When it came time to go into the studio, we recorded the song live, with the instrumentation of guitar, bass, drums, and vocals.   I described to the musicians on the day of recording that I wanted a sort of 16th-note feel, but without it being R&B, that stylistically I wanted something a little floatier, and not backbeat-heavy at all.   But that was pretty much the extent of my description, as I didn’t really have a firm grasp yet on the sound I wanted. Compositionally, it was a pretty simple form, simple changes.  I’ve grown fond of simple folk ideas, and I envisioned folk for this song.  So I just needed to hear something first, and shape or grow the song from there.   And that’s exactly what we did, which means that even though the song is all my writing, the whole development of the bigger picture was most assuredly collaborative with my awesome trio of artists, Ken Rosser, Randy Landas, and Lynn Coulter.

On the day of recording, in the funky Boho studio of recording engineer John McDuffie, we laid down a track, did a few different takes, and I chose the strongest one.   And I instantly knew that I was going to want Ken, the guitarist on this album, and my old pal and longtime musical soul mate, to layer and layer and layer.

Weeks later, the two of us met at his studio alone, a studio he has named Po’Tools (which tickles me; any studio guys out there will chuckle), and I proceeded to tell him what I was envisioning.   Over Ken’s basic track, which was played on a Gibson ES-335, the first thing he added was a Jerry Jones electric 12-string “for maximum jingle-jangle, baby!” (Ken’s own words).   And then, because one of Ken’s magnificent fortes is looping and texture and grunge and friction and these crazy, wild aural manipulations of his instrument, I asked him if he could give me a layer of something that sounded like snowfall or snowflakes.   Now, snowfall doesn’t have a sound, unless you’re talking about a winter storm, and then that’s really just wind you’re hearing.   But I had a sound in my head that sounded like snowflakes, and I swear (as I knew would happen!) Ken Rosser just understood what I meant perfectly.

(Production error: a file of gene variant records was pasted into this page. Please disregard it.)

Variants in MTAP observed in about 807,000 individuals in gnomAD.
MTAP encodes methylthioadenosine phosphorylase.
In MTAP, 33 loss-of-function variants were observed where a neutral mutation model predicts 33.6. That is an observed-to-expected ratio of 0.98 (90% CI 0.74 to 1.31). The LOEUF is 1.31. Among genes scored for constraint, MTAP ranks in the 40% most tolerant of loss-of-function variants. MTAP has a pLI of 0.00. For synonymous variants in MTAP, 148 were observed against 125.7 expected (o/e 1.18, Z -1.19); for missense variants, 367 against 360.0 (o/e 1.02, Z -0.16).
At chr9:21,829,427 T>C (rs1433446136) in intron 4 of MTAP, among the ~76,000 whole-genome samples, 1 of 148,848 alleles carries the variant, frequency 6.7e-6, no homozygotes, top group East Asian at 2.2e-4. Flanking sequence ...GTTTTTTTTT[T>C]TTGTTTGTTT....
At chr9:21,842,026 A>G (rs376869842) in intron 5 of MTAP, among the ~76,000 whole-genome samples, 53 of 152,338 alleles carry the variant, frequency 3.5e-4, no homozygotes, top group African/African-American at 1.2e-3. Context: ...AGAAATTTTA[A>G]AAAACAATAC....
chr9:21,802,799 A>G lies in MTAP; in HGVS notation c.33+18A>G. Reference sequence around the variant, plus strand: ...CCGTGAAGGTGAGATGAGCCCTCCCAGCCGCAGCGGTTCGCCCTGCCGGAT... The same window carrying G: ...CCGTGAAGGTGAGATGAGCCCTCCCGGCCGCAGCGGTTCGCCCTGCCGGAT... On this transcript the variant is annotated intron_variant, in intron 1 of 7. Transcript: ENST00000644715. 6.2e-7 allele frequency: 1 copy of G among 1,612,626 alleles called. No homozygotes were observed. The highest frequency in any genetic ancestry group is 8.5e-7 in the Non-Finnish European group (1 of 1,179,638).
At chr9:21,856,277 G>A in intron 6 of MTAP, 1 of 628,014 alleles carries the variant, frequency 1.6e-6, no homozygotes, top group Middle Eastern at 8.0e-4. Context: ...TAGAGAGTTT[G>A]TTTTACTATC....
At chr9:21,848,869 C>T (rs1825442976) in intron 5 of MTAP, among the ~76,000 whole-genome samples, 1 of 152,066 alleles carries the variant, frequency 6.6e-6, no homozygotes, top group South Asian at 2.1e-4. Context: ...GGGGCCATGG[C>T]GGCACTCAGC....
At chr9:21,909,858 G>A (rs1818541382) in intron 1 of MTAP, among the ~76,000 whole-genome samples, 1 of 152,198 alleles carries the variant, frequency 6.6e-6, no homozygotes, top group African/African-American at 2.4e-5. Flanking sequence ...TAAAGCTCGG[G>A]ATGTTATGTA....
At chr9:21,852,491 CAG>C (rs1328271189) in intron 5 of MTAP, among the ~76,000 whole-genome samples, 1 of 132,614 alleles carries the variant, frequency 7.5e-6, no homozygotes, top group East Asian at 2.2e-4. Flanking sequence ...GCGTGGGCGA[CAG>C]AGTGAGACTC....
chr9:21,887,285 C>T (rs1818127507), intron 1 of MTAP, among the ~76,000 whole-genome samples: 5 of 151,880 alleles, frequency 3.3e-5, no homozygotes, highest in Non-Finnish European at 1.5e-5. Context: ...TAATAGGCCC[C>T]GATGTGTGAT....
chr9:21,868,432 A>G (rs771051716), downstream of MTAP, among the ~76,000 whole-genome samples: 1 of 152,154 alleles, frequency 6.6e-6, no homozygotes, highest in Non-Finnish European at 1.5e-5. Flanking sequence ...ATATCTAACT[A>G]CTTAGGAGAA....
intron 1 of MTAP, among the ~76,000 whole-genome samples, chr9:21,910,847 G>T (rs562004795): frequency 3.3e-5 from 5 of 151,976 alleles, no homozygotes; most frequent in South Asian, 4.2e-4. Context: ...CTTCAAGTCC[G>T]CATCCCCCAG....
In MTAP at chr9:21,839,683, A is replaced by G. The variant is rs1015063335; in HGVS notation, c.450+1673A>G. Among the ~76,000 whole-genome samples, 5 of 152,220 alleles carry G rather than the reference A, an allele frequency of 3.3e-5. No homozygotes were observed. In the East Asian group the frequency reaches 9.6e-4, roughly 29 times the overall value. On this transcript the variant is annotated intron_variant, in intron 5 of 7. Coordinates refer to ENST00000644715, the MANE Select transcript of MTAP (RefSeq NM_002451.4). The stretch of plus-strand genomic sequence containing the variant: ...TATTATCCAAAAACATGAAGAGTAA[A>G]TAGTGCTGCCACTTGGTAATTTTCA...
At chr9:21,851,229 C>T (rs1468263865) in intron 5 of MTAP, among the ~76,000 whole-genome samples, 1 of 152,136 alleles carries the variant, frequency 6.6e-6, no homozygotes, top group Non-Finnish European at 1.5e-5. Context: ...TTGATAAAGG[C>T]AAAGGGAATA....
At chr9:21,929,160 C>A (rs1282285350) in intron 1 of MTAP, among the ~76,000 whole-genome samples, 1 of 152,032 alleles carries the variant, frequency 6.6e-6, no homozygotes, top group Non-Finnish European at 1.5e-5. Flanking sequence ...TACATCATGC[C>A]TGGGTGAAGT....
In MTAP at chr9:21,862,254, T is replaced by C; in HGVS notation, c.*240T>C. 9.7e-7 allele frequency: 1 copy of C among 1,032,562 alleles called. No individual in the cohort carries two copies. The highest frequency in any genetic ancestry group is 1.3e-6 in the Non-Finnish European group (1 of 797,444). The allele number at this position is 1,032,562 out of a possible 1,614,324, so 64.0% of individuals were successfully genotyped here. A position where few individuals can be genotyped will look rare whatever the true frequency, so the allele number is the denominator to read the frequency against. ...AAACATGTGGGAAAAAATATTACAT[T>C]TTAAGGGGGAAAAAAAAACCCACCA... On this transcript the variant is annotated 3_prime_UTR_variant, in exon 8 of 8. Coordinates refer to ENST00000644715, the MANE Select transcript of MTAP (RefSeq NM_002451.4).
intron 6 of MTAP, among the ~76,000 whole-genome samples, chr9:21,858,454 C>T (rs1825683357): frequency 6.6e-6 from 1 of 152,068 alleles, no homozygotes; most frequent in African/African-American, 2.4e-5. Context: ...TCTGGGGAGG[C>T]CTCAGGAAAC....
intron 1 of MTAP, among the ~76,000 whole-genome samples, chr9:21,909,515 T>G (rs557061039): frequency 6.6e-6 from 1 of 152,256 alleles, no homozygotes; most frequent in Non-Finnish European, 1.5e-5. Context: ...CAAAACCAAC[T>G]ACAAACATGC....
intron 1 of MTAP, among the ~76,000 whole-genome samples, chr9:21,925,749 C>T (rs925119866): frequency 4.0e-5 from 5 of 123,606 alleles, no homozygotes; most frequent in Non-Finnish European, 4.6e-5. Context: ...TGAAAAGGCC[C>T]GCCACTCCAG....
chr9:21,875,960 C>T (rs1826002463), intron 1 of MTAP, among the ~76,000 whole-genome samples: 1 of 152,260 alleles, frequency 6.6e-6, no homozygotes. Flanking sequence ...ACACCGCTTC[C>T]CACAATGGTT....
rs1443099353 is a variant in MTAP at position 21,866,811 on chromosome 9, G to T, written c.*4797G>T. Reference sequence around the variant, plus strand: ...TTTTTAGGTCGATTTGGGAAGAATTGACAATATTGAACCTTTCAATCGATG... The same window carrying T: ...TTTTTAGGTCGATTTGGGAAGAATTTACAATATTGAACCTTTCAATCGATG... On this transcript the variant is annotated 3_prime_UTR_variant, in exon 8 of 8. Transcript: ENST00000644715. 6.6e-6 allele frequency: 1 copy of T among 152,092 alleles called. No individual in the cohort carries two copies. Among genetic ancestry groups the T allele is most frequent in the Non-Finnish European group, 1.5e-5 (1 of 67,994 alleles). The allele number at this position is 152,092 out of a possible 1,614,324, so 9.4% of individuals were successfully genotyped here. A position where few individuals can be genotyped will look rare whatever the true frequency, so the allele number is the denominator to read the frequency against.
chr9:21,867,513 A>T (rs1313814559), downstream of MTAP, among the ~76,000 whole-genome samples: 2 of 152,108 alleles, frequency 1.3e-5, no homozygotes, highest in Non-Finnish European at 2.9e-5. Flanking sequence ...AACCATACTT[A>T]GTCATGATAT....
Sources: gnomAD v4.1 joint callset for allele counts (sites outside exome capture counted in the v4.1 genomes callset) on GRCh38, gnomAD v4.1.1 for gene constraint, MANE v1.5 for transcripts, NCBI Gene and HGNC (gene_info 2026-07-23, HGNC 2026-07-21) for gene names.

And did he ever give it to me!   He created this sound with a PRS McCarty, processed through an Eventide Pitchfactor effect.  The only reason I can even articulate that is because I just asked him to recount it to me for this article.  It’s all Greek to me.   But it absolutely captured what I had intended.

And once that effect was in place, it changed everything else for me.   Suddenly I heard the drums differently. The bass differently.   But we’ll get to them in a minute.

Ken had taken a solo on the original live track with the Gibson.  It was a notier, jazzier solo, something perfectly befitting how the song was originally played by the trio.   But once these other layers began to shape the track in a very specific way, Ken felt that another kind of solo was really needed in place of the original.

KEN:
“The new solo was done on the PRS McCarty, roughly using Lindsey Buckingham’s solo on Fleetwood Mac’s Silver Spring as a model . . . because once we’d put all the layers on, I felt pretty strongly that the solo should just paraphrase the melody and then shut the fuck up.  Lindsey’s influence was really just about sound and some articulation things . . . I doubt anyone else would get that without being told . . .”

We both remember it being really hot in the studio when we were doing this, thus giving the musical evocations of snowfall an ironic tinge.